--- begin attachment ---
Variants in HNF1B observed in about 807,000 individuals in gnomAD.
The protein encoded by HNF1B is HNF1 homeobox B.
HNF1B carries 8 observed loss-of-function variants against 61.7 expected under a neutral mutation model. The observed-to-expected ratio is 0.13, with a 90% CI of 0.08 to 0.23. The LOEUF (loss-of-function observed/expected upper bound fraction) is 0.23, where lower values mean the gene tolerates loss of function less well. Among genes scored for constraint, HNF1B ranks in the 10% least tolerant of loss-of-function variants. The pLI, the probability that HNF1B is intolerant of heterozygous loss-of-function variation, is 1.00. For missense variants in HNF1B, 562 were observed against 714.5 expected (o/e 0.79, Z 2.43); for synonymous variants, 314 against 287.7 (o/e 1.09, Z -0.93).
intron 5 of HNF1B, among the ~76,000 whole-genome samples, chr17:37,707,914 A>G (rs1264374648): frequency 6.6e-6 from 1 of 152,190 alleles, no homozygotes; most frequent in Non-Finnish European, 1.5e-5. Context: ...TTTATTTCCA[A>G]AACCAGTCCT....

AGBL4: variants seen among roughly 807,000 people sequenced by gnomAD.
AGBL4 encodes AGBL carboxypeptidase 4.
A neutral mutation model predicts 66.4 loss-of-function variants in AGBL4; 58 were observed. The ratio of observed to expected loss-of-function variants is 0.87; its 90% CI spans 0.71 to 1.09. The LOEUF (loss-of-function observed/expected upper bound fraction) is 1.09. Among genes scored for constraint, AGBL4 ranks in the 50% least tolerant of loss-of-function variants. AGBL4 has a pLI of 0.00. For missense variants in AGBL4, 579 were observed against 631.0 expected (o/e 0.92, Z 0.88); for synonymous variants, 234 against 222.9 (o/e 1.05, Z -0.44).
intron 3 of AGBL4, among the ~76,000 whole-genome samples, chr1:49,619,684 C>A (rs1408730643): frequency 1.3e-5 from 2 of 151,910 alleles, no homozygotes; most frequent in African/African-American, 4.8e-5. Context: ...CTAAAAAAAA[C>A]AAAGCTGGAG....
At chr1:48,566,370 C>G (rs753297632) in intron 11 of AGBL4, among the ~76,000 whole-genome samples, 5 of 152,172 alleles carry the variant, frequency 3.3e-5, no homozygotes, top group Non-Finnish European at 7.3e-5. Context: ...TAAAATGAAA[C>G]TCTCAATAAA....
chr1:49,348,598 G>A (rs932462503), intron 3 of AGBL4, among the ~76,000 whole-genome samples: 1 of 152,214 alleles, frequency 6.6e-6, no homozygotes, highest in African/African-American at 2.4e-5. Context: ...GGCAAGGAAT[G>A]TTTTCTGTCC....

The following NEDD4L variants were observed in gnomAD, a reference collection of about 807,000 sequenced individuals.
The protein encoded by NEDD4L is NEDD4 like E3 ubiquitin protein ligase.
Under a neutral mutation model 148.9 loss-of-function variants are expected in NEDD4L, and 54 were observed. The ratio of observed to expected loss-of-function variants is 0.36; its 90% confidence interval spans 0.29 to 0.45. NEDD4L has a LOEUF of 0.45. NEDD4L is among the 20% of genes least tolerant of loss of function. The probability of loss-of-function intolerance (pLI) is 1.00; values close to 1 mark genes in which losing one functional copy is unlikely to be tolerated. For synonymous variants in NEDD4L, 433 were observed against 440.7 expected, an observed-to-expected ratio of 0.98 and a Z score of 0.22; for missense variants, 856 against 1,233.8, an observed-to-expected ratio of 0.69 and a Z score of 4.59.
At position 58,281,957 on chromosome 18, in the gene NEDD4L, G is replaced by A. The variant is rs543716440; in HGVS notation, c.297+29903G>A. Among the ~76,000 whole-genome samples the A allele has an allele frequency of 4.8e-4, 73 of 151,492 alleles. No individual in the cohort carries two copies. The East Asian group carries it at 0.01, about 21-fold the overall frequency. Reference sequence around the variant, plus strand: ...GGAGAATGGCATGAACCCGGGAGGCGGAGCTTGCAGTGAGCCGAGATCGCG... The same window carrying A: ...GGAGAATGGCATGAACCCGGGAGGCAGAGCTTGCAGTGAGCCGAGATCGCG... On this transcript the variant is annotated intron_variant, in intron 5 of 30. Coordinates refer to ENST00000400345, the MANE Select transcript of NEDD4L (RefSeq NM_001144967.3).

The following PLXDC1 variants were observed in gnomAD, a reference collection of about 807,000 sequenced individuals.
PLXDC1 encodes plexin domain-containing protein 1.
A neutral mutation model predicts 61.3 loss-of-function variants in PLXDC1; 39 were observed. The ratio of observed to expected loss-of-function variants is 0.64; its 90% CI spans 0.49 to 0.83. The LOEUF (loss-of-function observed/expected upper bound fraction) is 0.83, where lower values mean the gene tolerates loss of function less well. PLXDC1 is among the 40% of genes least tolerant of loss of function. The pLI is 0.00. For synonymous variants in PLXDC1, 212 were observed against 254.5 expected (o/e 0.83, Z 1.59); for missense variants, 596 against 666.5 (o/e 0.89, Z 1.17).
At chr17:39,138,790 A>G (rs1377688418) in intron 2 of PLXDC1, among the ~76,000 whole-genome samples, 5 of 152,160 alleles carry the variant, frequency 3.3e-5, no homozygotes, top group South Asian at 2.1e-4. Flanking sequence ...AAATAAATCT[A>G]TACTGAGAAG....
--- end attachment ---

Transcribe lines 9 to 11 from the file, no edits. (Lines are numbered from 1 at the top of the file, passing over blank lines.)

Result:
At chr1:48,566,370 C>G (rs753297632) in intron 11 of AGBL4, among the ~76,000 whole-genome samples, 5 of 152,172 alleles carry the variant, frequency 3.3e-5, no homozygotes, top group Non-Finnish European at 7.3e-5. Context: ...TAAAATGAAA[C>G]TCTCAATAAA....
chr1:49,348,598 G>A (rs932462503), intron 3 of AGBL4, among the ~76,000 whole-genome samples: 1 of 152,214 alleles, frequency 6.6e-6, no homozygotes, highest in African/African-American at 2.4e-5. Context: ...GGCAAGGAAT[G>A]TTTTCTGTCC....

The following NEDD4L variants were observed in gnomAD, a reference collection of about 807,000 sequenced individuals.